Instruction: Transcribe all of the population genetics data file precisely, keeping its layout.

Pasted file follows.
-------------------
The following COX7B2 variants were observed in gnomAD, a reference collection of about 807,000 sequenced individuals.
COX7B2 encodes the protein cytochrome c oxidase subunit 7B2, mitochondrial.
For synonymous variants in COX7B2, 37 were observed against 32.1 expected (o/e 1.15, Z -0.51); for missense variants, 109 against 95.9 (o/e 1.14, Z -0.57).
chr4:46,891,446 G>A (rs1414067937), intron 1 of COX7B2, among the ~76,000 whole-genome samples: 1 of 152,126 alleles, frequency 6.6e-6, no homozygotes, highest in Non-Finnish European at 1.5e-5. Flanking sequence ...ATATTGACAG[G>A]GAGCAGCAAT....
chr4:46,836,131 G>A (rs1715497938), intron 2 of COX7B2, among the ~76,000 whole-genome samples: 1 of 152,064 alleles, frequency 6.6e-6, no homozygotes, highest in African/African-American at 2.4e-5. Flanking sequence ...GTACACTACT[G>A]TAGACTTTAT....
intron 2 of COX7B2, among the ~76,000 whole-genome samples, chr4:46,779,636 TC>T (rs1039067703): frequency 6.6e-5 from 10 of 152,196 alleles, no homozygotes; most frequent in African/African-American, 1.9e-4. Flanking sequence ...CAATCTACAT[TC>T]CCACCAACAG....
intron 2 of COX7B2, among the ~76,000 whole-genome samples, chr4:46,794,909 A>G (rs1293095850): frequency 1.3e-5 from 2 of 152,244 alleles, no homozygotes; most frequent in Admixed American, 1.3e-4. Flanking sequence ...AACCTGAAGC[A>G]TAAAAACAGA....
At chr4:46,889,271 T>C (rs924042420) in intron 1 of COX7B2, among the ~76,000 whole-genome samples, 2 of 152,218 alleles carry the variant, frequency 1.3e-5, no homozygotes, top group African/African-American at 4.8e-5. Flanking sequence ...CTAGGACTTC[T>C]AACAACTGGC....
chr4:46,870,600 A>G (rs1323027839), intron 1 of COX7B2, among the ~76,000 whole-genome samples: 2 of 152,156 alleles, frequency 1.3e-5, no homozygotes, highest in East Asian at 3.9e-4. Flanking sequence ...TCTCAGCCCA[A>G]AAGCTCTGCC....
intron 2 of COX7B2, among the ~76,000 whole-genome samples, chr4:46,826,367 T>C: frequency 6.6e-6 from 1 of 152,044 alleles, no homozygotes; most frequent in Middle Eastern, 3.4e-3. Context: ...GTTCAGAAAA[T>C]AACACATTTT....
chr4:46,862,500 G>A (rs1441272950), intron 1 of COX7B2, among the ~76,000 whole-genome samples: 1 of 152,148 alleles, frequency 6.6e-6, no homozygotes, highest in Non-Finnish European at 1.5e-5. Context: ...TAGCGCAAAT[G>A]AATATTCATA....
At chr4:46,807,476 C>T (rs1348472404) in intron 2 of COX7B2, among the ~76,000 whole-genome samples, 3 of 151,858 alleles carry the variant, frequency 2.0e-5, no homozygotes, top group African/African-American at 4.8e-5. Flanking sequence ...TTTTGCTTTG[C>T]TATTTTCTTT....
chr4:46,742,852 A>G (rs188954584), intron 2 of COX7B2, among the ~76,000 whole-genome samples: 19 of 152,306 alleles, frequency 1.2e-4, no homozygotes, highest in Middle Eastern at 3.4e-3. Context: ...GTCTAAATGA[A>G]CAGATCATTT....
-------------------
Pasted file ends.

The following COX7B2 variants were observed in gnomAD, a reference collection of about 807,000 sequenced individuals.
COX7B2 encodes the protein cytochrome c oxidase subunit 7B2, mitochondrial.
For synonymous variants in COX7B2, 37 were observed against 32.1 expected (o/e 1.15, Z -0.51); for missense variants, 109 against 95.9 (o/e 1.14, Z -0.57).
chr4:46,891,446 G>A (rs1414067937), intron 1 of COX7B2, among the ~76,000 whole-genome samples: 1 of 152,126 alleles, frequency 6.6e-6, no homozygotes, highest in Non-Finnish European at 1.5e-5. Flanking sequence ...ATATTGACAG[G>A]GAGCAGCAAT....
chr4:46,836,131 G>A (rs1715497938), intron 2 of COX7B2, among the ~76,000 whole-genome samples: 1 of 152,064 alleles, frequency 6.6e-6, no homozygotes, highest in African/African-American at 2.4e-5. Flanking sequence ...GTACACTACT[G>A]TAGACTTTAT....
intron 2 of COX7B2, among the ~76,000 whole-genome samples, chr4:46,779,636 TC>T (rs1039067703): frequency 6.6e-5 from 10 of 152,196 alleles, no homozygotes; most frequent in African/African-American, 1.9e-4. Flanking sequence ...CAATCTACAT[TC>T]CCACCAACAG....
intron 2 of COX7B2, among the ~76,000 whole-genome samples, chr4:46,794,909 A>G (rs1293095850): frequency 1.3e-5 from 2 of 152,244 alleles, no homozygotes; most frequent in Admixed American, 1.3e-4. Flanking sequence ...AACCTGAAGC[A>G]TAAAAACAGA....
At chr4:46,889,271 T>C (rs924042420) in intron 1 of COX7B2, among the ~76,000 whole-genome samples, 2 of 152,218 alleles carry the variant, frequency 1.3e-5, no homozygotes, top group African/African-American at 4.8e-5. Flanking sequence ...CTAGGACTTC[T>C]AACAACTGGC....
chr4:46,870,600 A>G (rs1323027839), intron 1 of COX7B2, among the ~76,000 whole-genome samples: 2 of 152,156 alleles, frequency 1.3e-5, no homozygotes, highest in East Asian at 3.9e-4. Flanking sequence ...TCTCAGCCCA[A>G]AAGCTCTGCC....
intron 2 of COX7B2, among the ~76,000 whole-genome samples, chr4:46,826,367 T>C: frequency 6.6e-6 from 1 of 152,044 alleles, no homozygotes; most frequent in Middle Eastern, 3.4e-3. Context: ...GTTCAGAAAA[T>C]AACACATTTT....
chr4:46,862,500 G>A (rs1441272950), intron 1 of COX7B2, among the ~76,000 whole-genome samples: 1 of 152,148 alleles, frequency 6.6e-6, no homozygotes, highest in Non-Finnish European at 1.5e-5. Context: ...TAGCGCAAAT[G>A]AATATTCATA....
At chr4:46,807,476 C>T (rs1348472404) in intron 2 of COX7B2, among the ~76,000 whole-genome samples, 3 of 151,858 alleles carry the variant, frequency 2.0e-5, no homozygotes, top group African/African-American at 4.8e-5. Flanking sequence ...TTTTGCTTTG[C>T]TATTTTCTTT....
chr4:46,742,852 A>G (rs188954584), intron 2 of COX7B2, among the ~76,000 whole-genome samples: 19 of 152,306 alleles, frequency 1.2e-4, no homozygotes, highest in Middle Eastern at 3.4e-3. Context: ...GTCTAAATGA[A>G]CAGATCATTT....